Image from Flickr via Gene Hunt

don’t know how to put this. Here, there’s no comparing. There’s knowledge, and there’s dirt. They’re the same thing, also entirely different. My mother has a night-blooming cereus that was her mother’s and her mother’s. This is exactly like Kew Gardens, where there is a house plant two hundred and fifty years old. Same thing. Except my grandmother has died, which is what happens here.

I spotted a cemetery on the way to work the other day. Not the one by the little church with the “We Trust in Christ” sign, not that one, but another one, with a spindly obelisk and two cracked stones and one whole stone thin as a layer of cake and canted back, and a few foot-markers and infant pillows and what-all can you see navigating the corner by the mobile home park at fifty miles an hour. So there you go. So there it is. That’s how it is. Except that it’s different, because that’s how we are, we like to make distinctions even when there aren’t any, for the fun of it and to make sure strangers never get it right. (They try, though, bless their hearts.)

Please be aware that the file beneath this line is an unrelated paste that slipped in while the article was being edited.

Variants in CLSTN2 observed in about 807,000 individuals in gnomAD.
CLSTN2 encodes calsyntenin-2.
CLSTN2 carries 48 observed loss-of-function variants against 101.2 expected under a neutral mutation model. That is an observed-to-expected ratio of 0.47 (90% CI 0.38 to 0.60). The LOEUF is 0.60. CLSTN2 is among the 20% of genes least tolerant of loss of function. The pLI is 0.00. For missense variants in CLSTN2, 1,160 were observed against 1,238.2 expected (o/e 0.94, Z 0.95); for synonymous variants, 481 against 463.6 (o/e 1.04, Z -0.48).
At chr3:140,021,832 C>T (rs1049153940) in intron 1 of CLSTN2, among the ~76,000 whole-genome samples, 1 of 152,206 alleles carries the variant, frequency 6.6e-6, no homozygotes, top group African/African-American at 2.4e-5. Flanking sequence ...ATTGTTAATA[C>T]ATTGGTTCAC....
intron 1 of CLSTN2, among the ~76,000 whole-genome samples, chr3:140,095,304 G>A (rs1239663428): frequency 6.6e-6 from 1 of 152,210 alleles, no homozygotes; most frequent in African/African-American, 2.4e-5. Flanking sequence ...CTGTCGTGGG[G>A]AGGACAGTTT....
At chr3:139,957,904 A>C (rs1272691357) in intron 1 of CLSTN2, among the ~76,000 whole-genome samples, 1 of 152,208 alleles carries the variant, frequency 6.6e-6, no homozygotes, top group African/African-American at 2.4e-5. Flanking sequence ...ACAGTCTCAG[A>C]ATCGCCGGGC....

You see, here is a narrative nearness that approximates the closing in of landscape by hills and trees, and the closing in of space and night-sky and finality by the presence of ghost ancestors who perhaps are also trapped by the land, which is beautiful, unutterably beautiful, so it’s no wonder the dead aren’t leaving to go into that goddamned light. Here is a blur that talks to you, makes love to you, leaves you flat. Here you’re related to everyone, but they’re still waiting to see how you turn out.

Are we stagey? Are we absent? Henry Adams said we have no mind, just temperament. That’s probably what this is, this state of absolute certainty about the details of the storm we forgot to come in from—the moment the pine cracked in half, the green and sap-drenched air after.

Lightsey Darst

Lightsey Darst’s latest book is DANCE (Coffee House Press, 2013). She currently lives in Durham, NC.